was composed between August and 17 December 1910 and is based on a sea-chanty collected from the singing of John Perring of Dartmouth by H E Piggott and Grainger on 18 January 1908. In Grainger’s words: ‘[Perring] was a remarkably gifted deep-sea sailor songster and said that this song was supposed to be sung by a woman standing on the quay to Shallow Brown as his ship was weighing anchor. Perring did not know why Brown was called “Shallow”—“unless it was that he was shallow in his heart”, as he added. My setting aims to convey a suggestion of wafted, wind-borne, surging sounds heard at sea.’ Although a woman’s voice would make sense to the story, chanties are almost always the prerogative of men singing on board a ship. This is one of Grainger’s most powerful settings, evoking as it does the wildness of the sea and the intensity of human loss; one can almost feel the spray of the ocean and taste the salt water. Grainger is said to have swooned with intense excitement when he played the shimmering accompaniment on the piano and on one particular occasion it caused a female admirer to faint at his feet.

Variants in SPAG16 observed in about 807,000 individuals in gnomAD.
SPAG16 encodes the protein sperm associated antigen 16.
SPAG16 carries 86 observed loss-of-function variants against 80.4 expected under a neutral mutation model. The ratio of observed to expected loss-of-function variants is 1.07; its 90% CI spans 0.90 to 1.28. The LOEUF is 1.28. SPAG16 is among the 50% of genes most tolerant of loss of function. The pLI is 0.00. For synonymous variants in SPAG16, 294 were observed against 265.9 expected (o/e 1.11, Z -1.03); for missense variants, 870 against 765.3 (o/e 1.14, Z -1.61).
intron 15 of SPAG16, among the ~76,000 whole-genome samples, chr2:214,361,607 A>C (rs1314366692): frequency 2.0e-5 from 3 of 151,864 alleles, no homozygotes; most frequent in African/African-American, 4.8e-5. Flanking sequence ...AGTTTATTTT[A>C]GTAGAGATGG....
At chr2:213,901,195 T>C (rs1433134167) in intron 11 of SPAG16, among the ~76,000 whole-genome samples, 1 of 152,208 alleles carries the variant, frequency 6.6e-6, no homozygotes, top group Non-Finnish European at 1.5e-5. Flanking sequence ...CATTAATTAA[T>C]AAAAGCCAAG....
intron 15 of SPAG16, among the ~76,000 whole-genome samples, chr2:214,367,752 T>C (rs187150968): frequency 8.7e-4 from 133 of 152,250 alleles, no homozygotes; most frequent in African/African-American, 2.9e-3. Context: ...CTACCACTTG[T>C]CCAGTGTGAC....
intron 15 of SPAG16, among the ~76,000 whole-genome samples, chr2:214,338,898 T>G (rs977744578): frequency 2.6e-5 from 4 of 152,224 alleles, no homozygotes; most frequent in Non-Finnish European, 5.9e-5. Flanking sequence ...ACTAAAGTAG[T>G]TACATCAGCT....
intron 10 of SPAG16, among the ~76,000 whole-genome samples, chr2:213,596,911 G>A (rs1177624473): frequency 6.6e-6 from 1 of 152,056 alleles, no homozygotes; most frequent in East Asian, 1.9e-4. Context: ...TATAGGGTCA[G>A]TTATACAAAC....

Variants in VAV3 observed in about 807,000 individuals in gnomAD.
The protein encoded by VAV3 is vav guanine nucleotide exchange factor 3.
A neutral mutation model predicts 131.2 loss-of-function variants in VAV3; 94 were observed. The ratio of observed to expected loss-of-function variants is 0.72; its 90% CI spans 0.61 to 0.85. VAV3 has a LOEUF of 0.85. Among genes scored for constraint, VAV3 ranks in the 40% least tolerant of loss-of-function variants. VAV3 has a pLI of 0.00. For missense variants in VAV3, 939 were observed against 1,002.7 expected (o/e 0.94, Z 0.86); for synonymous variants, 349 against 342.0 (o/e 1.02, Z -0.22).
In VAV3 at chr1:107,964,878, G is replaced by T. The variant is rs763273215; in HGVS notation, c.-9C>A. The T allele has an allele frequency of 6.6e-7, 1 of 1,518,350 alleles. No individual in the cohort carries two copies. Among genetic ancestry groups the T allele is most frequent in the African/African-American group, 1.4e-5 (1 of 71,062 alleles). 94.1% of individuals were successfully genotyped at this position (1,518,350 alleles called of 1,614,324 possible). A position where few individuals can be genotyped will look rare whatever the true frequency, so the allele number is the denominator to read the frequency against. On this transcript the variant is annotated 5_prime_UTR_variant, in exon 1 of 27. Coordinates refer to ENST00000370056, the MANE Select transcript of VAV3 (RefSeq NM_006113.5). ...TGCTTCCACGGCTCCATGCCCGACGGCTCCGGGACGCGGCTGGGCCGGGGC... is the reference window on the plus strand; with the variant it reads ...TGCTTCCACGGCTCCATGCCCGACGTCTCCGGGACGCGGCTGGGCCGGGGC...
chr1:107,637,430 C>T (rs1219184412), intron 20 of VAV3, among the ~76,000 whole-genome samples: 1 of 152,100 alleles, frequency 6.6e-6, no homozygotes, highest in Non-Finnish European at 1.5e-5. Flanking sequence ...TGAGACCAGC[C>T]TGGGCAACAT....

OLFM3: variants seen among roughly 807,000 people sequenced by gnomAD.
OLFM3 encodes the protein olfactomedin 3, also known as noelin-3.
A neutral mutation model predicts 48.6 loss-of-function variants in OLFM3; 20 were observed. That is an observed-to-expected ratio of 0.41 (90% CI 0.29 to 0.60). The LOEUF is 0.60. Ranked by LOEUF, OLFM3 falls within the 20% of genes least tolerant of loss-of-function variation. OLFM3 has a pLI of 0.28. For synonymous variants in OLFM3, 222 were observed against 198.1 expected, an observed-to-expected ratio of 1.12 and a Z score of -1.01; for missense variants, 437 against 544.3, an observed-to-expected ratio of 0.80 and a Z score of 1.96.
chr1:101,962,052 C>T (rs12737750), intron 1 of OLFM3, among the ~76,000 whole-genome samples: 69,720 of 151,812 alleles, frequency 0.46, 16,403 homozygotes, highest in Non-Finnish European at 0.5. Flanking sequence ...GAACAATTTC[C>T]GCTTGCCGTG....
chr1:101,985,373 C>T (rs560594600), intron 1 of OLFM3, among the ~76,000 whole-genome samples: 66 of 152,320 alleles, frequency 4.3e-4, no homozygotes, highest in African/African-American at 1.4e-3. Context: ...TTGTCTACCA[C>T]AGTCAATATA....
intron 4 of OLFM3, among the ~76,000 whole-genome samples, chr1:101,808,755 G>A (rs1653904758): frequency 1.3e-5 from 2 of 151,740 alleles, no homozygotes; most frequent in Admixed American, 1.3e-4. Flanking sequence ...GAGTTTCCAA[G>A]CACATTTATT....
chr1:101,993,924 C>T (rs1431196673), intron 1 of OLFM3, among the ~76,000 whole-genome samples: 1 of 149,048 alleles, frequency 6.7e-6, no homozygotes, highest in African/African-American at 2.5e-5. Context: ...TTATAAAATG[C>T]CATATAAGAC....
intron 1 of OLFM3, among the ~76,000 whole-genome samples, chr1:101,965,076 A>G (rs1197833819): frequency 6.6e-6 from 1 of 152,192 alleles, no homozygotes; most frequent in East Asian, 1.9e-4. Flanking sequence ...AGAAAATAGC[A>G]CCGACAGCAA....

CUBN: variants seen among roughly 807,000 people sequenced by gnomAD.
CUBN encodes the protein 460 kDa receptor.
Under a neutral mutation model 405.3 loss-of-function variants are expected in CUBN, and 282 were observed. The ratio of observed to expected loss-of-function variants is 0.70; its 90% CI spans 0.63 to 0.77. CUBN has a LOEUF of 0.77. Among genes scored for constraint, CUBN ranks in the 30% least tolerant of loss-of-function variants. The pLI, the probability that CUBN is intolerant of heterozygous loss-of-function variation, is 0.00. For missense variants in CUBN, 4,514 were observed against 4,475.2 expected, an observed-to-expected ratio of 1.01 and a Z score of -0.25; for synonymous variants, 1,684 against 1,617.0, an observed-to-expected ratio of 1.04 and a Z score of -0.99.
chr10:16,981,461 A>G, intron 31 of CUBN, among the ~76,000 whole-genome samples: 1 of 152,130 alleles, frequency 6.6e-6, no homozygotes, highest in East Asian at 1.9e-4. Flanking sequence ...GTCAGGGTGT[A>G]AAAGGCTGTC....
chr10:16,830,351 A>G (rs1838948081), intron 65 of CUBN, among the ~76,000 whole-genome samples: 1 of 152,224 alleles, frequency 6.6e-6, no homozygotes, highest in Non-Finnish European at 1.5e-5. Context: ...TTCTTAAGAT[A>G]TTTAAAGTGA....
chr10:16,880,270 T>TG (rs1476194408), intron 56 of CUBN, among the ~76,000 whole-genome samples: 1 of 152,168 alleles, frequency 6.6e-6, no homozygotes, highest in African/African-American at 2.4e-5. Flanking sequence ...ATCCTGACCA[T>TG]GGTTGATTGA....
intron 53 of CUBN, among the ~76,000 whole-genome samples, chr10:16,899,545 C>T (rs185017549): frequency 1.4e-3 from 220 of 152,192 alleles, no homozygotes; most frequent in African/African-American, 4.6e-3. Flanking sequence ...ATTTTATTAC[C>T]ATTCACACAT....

from notes by Barry Peter Ould © 1996